“It’s not just a problem of skills shortage or mismatch. The same people who were forced out of their jobs to give blacks who were disadvantaged by the apartheid regime were forced to start their own business. They have ownership or some control in most businesses in the private sector. It is natural for them to want to protect their business from the so called previously disadvantaged groups. That is why it is not easy for them to hire educated young black South Africans, as they are likely to overthrow them from their businesses. Besides that, affirmative action victims feel that they need to support each other and employ other whites who have slim chances of getting jobs in government departments and parastatals0020s4,” said the Chief Executive Officer for LBD Solutions, Benjamin Denga, who is also an Economist.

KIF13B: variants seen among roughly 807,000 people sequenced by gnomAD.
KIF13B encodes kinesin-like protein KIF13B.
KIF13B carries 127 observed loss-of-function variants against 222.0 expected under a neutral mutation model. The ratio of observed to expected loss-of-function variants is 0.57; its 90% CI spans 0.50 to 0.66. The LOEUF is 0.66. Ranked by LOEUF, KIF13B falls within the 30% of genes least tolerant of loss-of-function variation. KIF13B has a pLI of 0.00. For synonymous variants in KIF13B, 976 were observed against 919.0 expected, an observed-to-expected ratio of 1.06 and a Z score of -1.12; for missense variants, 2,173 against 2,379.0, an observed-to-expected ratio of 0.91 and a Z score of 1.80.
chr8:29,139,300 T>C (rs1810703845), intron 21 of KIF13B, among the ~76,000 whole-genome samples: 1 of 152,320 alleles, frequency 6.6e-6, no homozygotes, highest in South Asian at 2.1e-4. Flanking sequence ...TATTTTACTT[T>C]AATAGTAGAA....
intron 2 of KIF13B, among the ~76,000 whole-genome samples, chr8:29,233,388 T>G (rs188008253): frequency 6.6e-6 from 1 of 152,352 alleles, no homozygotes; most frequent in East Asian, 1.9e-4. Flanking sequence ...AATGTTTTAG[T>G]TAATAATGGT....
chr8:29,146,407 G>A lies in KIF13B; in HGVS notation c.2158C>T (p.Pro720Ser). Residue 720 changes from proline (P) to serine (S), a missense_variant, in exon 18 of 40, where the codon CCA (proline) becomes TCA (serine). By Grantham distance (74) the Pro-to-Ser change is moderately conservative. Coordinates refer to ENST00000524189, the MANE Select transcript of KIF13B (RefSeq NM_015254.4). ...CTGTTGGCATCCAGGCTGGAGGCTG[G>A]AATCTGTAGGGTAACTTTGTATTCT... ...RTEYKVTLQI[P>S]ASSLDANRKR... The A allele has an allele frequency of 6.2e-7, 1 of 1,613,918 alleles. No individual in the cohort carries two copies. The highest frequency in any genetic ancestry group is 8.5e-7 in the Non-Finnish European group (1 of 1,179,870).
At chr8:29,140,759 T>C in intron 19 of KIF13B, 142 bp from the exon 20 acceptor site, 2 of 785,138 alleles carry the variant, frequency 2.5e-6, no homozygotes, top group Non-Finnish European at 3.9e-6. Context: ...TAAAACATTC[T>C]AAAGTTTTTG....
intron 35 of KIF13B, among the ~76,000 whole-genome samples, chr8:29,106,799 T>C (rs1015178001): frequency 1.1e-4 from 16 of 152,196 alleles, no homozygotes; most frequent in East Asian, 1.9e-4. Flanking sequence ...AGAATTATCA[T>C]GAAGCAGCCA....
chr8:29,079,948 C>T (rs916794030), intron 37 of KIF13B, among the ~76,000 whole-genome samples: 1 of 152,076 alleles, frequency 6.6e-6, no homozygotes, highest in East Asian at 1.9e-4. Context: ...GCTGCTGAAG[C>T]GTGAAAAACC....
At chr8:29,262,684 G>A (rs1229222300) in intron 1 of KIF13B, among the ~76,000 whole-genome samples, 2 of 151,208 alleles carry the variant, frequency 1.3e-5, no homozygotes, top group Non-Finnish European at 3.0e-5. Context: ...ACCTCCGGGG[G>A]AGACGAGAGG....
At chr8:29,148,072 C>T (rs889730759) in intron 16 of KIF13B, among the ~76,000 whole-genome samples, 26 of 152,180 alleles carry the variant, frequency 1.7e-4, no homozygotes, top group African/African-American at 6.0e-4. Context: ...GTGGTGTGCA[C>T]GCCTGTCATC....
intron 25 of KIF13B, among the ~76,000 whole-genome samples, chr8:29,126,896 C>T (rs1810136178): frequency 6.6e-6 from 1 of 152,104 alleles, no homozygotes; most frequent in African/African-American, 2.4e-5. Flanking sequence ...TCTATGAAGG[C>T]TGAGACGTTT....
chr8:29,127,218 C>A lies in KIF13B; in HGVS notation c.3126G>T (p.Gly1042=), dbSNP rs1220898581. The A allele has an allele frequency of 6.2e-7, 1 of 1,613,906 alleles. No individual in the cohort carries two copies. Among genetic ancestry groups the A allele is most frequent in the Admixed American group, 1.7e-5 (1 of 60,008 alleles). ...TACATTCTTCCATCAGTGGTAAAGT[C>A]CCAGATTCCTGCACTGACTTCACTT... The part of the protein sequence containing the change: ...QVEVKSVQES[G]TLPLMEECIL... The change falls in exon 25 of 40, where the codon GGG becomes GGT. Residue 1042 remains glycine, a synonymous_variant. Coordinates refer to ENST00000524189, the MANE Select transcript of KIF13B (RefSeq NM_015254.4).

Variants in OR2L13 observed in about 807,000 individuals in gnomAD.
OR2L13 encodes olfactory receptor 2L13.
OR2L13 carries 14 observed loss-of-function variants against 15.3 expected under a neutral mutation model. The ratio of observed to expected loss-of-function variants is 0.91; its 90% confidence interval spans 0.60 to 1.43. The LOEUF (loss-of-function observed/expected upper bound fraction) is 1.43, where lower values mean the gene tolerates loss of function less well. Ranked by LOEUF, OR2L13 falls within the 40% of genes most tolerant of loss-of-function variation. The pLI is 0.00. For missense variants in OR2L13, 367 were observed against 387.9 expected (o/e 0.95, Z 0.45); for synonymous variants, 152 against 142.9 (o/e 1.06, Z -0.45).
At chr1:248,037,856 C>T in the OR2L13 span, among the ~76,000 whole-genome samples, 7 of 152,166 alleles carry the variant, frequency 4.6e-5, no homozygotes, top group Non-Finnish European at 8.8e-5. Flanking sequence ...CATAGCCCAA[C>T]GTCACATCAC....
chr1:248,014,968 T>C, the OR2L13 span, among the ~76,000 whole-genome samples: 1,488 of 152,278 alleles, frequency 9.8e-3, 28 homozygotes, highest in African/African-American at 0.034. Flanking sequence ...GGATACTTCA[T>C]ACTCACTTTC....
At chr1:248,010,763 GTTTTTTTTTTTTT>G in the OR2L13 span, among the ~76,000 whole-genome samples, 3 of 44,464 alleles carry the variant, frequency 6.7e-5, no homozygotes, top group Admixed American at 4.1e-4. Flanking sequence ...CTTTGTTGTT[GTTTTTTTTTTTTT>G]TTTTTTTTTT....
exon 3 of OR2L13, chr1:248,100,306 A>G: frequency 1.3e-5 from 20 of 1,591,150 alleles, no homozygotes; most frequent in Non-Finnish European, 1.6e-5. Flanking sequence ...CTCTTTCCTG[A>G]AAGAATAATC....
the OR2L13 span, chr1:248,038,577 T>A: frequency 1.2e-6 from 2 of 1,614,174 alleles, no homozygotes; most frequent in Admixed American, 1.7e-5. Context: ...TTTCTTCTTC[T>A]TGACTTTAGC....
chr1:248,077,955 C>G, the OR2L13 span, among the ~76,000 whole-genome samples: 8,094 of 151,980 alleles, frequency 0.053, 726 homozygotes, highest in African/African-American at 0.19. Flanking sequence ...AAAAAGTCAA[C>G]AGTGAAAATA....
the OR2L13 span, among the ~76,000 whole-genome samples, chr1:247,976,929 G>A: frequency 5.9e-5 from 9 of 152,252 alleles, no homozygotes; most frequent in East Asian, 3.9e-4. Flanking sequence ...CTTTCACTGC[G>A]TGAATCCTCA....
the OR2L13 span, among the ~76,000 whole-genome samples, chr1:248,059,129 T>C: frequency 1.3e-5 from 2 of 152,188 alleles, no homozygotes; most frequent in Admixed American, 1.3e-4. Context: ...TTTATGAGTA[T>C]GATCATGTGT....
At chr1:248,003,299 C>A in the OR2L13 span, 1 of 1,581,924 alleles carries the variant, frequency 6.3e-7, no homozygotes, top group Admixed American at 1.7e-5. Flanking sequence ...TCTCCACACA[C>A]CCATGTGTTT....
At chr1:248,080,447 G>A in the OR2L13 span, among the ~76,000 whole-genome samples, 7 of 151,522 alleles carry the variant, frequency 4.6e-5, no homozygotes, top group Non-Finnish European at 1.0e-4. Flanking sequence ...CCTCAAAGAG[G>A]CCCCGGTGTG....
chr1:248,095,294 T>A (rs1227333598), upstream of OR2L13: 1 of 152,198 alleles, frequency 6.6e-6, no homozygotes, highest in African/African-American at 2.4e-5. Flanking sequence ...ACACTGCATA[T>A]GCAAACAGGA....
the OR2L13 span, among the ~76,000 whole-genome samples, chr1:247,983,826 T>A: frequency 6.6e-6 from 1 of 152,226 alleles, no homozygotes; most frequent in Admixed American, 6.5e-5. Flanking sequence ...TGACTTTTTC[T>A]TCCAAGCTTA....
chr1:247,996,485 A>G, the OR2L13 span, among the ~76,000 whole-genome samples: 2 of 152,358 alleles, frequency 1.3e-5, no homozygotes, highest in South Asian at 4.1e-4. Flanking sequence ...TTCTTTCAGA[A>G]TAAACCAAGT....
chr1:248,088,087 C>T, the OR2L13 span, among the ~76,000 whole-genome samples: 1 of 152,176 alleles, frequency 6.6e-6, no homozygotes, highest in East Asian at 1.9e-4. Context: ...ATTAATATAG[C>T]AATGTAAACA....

Meanwhile, it seems to be easy for foreigners to get jobs in the private sector. Parmida Sithole, a Zimbabwean, managed to get a job in a private hospital in Randburg where she dispenses medication to patients, despite having been in the country for only 6 weeks. An investigation about her qualification revealed that she is not qualified to work as a pharmacist, as she obtained her degree qualification from a defunct private university from her home country.